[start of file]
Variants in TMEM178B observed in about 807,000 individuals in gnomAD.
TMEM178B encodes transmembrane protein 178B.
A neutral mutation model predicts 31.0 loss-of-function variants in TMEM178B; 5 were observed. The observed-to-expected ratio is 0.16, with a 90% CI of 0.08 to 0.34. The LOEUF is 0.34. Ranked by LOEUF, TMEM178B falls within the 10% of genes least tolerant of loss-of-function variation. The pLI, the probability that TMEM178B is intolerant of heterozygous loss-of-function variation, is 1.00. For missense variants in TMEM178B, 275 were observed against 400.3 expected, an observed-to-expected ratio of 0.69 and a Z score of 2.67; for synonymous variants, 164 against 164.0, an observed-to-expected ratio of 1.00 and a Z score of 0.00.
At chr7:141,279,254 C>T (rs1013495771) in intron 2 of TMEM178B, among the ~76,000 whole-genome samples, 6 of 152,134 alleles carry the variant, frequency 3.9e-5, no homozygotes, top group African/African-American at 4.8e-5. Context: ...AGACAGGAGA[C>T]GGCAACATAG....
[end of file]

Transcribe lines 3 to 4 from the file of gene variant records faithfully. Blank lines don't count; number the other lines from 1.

A neutral mutation model predicts 31.0 loss-of-function variants in TMEM178B; 5 were observed. The observed-to-expected ratio is 0.16, with a 90% CI of 0.08 to 0.34. The LOEUF is 0.34. Ranked by LOEUF, TMEM178B falls within the 10% of genes least tolerant of loss-of-function variation. The pLI, the probability that TMEM178B is intolerant of heterozygous loss-of-function variation, is 1.00. For missense variants in TMEM178B, 275 were observed against 400.3 expected, an observed-to-expected ratio of 0.69 and a Z score of 2.67; for synonymous variants, 164 against 164.0, an observed-to-expected ratio of 1.00 and a Z score of 0.00.
At chr7:141,279,254 C>T (rs1013495771) in intron 2 of TMEM178B, among the ~76,000 whole-genome samples, 6 of 152,134 alleles carry the variant, frequency 3.9e-5, no homozygotes, top group African/African-American at 4.8e-5. Context: ...AGACAGGAGA[C>T]GGCAACATAG....